Colorful monkeys called guenons sport moustaches, nose spots and ear tufts that make it easy to distinguish between different species of guenons. But to the average passers-by, monkeys of the same species might look strikingly similar.
In a new study, researchers uploaded 541 photographs of 110 monkeys of 12 different guenon species. The scientists found that a computer algorithm could correctly identify these monkeys by their faces, as well as distinguish among species. Scientists might be able to use algorithms like this one to study which factors are important in evolution, the researchers said. For instance, the algorithms could look at which aspects of a monkey's face are important to its evolutionary success.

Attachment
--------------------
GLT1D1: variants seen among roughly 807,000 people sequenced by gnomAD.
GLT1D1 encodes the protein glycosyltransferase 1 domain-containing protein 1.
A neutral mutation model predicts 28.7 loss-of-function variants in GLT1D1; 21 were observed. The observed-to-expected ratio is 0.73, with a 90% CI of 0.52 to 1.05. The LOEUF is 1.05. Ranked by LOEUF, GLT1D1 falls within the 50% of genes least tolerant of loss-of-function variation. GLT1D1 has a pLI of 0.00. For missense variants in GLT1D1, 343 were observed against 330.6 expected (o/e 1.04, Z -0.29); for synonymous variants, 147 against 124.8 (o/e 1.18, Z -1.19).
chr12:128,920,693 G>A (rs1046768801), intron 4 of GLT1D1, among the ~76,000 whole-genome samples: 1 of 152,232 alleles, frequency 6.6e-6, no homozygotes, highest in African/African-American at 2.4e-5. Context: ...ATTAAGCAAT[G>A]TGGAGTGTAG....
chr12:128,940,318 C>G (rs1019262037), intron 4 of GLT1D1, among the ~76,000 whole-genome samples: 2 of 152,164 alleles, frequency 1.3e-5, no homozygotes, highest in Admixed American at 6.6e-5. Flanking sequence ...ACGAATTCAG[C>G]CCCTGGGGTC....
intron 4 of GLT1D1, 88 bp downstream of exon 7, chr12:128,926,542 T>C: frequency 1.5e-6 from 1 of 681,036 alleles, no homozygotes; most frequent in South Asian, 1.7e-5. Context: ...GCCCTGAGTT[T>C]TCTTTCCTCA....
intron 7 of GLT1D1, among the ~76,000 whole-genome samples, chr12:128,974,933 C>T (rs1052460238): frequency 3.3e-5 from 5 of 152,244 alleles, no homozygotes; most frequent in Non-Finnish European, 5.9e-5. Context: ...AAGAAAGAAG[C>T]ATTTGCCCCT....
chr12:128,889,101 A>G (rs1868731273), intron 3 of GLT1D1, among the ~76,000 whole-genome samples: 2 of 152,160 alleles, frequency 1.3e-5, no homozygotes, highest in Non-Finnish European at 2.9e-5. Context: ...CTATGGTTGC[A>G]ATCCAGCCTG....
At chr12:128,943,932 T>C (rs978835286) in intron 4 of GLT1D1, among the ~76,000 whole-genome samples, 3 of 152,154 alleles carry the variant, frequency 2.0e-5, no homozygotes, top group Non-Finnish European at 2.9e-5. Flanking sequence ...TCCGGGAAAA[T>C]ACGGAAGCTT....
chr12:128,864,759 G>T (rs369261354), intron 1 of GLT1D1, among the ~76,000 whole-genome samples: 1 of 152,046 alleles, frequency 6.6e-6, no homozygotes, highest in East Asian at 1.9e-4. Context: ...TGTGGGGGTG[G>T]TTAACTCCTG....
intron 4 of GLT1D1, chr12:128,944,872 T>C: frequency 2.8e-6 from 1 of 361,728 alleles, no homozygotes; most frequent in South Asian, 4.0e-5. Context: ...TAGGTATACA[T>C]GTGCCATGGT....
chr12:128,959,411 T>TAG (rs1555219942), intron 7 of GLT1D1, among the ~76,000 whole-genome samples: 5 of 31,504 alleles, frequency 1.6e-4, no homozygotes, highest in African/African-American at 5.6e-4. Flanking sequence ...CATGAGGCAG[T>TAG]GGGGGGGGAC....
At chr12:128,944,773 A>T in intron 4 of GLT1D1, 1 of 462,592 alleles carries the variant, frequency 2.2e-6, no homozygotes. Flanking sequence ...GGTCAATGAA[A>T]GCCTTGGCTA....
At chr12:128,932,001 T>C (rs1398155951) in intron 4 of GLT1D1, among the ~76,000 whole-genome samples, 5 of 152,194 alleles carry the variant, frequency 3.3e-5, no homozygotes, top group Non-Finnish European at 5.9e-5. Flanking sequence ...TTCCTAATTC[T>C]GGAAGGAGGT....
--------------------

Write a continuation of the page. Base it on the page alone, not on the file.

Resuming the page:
The researchers also found that the algorithm they used in the study could not determine the monkeys' ages or sex from their faces, which suggests that guenon faces have not evolved to convey this information.
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"If communicating sex was a key aim of guenon faces, males and females should look different from their facial appearance, but for most species they don't," said James Higham, an assistant professor of anthropology at New York University and one of authors of the study.
Facial differences may provide vital clues to determining identity for guenon monkeys when they mate, the researchers said.